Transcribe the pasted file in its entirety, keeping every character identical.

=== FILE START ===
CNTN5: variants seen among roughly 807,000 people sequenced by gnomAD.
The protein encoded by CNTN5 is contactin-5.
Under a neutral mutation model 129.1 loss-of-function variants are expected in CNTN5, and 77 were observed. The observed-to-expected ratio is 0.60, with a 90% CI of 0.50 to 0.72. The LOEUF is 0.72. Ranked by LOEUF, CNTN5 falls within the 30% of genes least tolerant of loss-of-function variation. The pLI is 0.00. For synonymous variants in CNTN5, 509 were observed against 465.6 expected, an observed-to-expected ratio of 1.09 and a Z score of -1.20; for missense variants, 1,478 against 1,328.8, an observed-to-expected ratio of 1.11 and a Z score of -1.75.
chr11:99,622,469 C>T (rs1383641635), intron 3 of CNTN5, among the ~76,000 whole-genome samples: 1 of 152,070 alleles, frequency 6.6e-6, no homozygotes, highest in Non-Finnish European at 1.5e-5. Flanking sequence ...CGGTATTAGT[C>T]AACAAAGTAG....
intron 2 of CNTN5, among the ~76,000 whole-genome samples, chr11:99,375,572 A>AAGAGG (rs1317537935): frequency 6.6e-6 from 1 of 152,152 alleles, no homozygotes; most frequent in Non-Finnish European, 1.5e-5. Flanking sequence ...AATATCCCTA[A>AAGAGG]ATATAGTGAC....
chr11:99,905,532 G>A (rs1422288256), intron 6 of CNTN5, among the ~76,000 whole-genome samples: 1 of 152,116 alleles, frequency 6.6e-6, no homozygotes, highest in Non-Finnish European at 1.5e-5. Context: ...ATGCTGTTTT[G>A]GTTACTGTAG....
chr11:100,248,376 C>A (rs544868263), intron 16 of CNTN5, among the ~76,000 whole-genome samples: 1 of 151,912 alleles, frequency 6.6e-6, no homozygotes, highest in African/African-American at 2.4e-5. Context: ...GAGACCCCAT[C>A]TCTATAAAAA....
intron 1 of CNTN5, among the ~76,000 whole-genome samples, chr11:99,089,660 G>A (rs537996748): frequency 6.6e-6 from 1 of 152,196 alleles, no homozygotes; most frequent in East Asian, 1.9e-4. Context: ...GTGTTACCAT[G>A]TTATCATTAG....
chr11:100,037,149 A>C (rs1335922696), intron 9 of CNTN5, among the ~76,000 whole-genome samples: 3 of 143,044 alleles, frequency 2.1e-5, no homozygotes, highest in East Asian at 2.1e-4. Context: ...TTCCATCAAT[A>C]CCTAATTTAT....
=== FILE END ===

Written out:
CNTN5: variants seen among roughly 807,000 people sequenced by gnomAD.
The protein encoded by CNTN5 is contactin-5.
Under a neutral mutation model 129.1 loss-of-function variants are expected in CNTN5, and 77 were observed. The observed-to-expected ratio is 0.60, with a 90% CI of 0.50 to 0.72. The LOEUF is 0.72. Ranked by LOEUF, CNTN5 falls within the 30% of genes least tolerant of loss-of-function variation. The pLI is 0.00. For synonymous variants in CNTN5, 509 were observed against 465.6 expected, an observed-to-expected ratio of 1.09 and a Z score of -1.20; for missense variants, 1,478 against 1,328.8, an observed-to-expected ratio of 1.11 and a Z score of -1.75.
chr11:99,622,469 C>T (rs1383641635), intron 3 of CNTN5, among the ~76,000 whole-genome samples: 1 of 152,070 alleles, frequency 6.6e-6, no homozygotes, highest in Non-Finnish European at 1.5e-5. Flanking sequence ...CGGTATTAGT[C>T]AACAAAGTAG....
intron 2 of CNTN5, among the ~76,000 whole-genome samples, chr11:99,375,572 A>AAGAGG (rs1317537935): frequency 6.6e-6 from 1 of 152,152 alleles, no homozygotes; most frequent in Non-Finnish European, 1.5e-5. Flanking sequence ...AATATCCCTA[A>AAGAGG]ATATAGTGAC....
chr11:99,905,532 G>A (rs1422288256), intron 6 of CNTN5, among the ~76,000 whole-genome samples: 1 of 152,116 alleles, frequency 6.6e-6, no homozygotes, highest in Non-Finnish European at 1.5e-5. Context: ...ATGCTGTTTT[G>A]GTTACTGTAG....
chr11:100,248,376 C>A (rs544868263), intron 16 of CNTN5, among the ~76,000 whole-genome samples: 1 of 151,912 alleles, frequency 6.6e-6, no homozygotes, highest in African/African-American at 2.4e-5. Context: ...GAGACCCCAT[C>A]TCTATAAAAA....
intron 1 of CNTN5, among the ~76,000 whole-genome samples, chr11:99,089,660 G>A (rs537996748): frequency 6.6e-6 from 1 of 152,196 alleles, no homozygotes; most frequent in East Asian, 1.9e-4. Context: ...GTGTTACCAT[G>A]TTATCATTAG....
chr11:100,037,149 A>C (rs1335922696), intron 9 of CNTN5, among the ~76,000 whole-genome samples: 3 of 143,044 alleles, frequency 2.1e-5, no homozygotes, highest in East Asian at 2.1e-4. Context: ...TTCCATCAAT[A>C]CCTAATTTAT....